It makes no difference if different governmental entities pay each of the two benefits at issue.
What is a similar benefit?
The Act does not define “similar benefit,” but Maryland courts have frequently interpreted it. The Spevak opinion contains a chronology of the main opinions on this issue back to 1975. It becomes clear reading this history that our state courts have relied on different aspects of benefit awards in determining similarity for purposes of offset. A key component of the analysis has often been whether the two kinds of benefits are based on the same injury, in which case the benefits are normally similar, and the offset applies.
Courts have also looked at whether both benefits were meant to replace the same wages that the claimant is no longer able to earn, which usually results in an offset. The offset is designed to avoid replacing wages twice from the same wage-loss period – to prevent the claimant from “double-dipping.”
The benefit’s purpose can be a factor as well. For example, the Spevak court explained that service-connected disability retirement benefits are usually similar to a Workers’ Compensation award, and ordinary disability retirement benefits, MAY be similar if the work injury also triggered the disability retirement. But, in Newman, the Court of Appeals said that retirement benefits based on age and years of service were NOT similar to Workers’ Compensation benefits based on work-related injury, so collecting both is not an impermissible windfall.
Paid sick leave was similar to permanent partial disability in Workers’ Compensation, so the court ordered setoff in Board of Education of Prince George’s Cty. v. Brady, according to the Spevak opinion. And the cash part of a Workers’ Compensation vocational rehabilitation award meant as wage replacement was similar to disability retirement benefits, so the cash award was subject to setoff as well. However, the rehabilitation portion of the benefit consisting of counseling and job services was not similar; therefore, it survived the setoff.
Why is Spevak potentially harmful to claimants?
These decisions have not been completely consistent and are intensely dependent on the detailed facts of each case. Still, despite some courts referring to a legislative intention that the purpose of the setoff is to prevent double recovery for the same injury, Spevak took a broader approach. It applied the setoff to Spevak’s benefits for DIFFERENT injuries, saying that so long as a claimant’s “permanent total or permanent partial [W]orkers’ [C]ompensation benefits … is awarded for injuries or diseases [are] related to that same employment”, the setoff applies. This is contrary to the holding in Reger v. Wash. Co. Bd. of Ed., where the Court of Appeals indicated that “similar benefits” as a setoff was applicable to “benefits accruing by reason of the same injury,” citing Newman.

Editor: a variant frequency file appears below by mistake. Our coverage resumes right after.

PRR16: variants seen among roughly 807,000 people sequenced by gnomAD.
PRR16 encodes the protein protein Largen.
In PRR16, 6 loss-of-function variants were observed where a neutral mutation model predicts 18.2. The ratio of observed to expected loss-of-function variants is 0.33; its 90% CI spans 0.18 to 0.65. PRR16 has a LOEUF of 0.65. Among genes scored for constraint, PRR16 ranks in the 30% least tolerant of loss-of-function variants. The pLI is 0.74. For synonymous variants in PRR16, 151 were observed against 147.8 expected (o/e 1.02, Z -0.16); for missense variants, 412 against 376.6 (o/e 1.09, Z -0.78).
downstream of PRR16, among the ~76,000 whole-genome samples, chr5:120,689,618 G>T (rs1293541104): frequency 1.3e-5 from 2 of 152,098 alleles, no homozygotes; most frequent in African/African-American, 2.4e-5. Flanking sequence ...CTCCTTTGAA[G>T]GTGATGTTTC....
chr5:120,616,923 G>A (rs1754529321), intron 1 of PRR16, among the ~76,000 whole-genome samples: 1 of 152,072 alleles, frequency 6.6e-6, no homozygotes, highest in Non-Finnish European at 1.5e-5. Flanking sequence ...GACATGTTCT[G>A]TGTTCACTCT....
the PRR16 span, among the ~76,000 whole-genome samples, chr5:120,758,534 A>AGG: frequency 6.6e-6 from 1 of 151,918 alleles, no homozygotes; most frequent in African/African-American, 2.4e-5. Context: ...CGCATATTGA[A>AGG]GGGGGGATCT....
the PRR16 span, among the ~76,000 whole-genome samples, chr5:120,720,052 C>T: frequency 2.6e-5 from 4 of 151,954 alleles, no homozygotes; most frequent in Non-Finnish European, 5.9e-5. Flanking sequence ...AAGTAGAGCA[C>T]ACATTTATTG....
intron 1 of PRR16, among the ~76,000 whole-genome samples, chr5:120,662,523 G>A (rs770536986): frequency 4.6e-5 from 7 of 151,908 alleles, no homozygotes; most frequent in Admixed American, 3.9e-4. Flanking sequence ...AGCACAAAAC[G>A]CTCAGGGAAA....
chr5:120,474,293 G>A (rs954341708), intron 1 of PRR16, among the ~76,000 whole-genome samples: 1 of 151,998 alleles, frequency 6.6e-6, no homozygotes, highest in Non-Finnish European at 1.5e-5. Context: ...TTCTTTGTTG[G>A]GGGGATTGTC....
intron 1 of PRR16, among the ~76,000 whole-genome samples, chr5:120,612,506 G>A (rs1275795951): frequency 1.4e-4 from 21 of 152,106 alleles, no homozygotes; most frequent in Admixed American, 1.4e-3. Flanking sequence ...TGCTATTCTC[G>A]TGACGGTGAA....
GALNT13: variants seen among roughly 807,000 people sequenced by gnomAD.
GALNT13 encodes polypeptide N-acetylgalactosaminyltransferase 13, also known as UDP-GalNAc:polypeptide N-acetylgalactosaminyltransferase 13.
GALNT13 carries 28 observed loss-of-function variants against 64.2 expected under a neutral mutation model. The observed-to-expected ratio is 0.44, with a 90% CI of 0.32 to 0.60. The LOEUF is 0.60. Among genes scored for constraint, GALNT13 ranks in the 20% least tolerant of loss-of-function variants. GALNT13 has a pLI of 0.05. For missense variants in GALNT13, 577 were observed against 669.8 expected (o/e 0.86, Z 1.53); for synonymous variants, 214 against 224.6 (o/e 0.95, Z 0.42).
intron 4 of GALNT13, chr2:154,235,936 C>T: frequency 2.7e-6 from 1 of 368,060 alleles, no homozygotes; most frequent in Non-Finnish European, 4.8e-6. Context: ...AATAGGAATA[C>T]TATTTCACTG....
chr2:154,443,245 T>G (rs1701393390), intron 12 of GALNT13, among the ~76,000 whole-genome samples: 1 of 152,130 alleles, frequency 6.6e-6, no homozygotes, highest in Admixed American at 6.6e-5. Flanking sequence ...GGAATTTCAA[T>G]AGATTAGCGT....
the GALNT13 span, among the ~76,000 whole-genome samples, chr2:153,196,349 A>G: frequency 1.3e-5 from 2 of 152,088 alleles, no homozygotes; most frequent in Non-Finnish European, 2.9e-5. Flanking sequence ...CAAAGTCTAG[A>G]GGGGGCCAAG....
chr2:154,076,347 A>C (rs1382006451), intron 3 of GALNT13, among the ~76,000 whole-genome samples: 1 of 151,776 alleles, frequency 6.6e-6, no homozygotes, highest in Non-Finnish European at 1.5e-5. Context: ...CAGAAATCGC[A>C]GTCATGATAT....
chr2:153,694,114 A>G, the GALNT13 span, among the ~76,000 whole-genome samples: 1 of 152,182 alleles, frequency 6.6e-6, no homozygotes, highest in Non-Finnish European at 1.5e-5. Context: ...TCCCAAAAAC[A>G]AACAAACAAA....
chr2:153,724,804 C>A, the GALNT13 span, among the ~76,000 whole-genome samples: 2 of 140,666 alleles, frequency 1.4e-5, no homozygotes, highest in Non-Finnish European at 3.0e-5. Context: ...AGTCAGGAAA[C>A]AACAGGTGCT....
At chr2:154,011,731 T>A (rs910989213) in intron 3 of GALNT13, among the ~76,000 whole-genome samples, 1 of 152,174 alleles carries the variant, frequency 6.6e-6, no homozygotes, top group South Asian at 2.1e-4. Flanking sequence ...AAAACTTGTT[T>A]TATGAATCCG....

This approach in the Spevak decision could prevent firefighters and other covered government employees receiving retirement or pension benefits after a work injury or occupational disease from getting any Workers’ Compensation for later developing service-related injuries or illnesses.
The Maryland Court of Appeals has granted certiorari (permission to review the lower court’s decision), so this case will ultimately be decided by the highest court in Maryland, most likely, in late 2022.
Anyone facing setoff issues related to Workers’ Compensation should speak with an attorney about the current state of the law and how to effectively advocate before the Commission or in court for maximum benefits. As demonstrated, the law is complicated, and it is important an injured worker receive counsel to best ensure the coverage they are entitled to.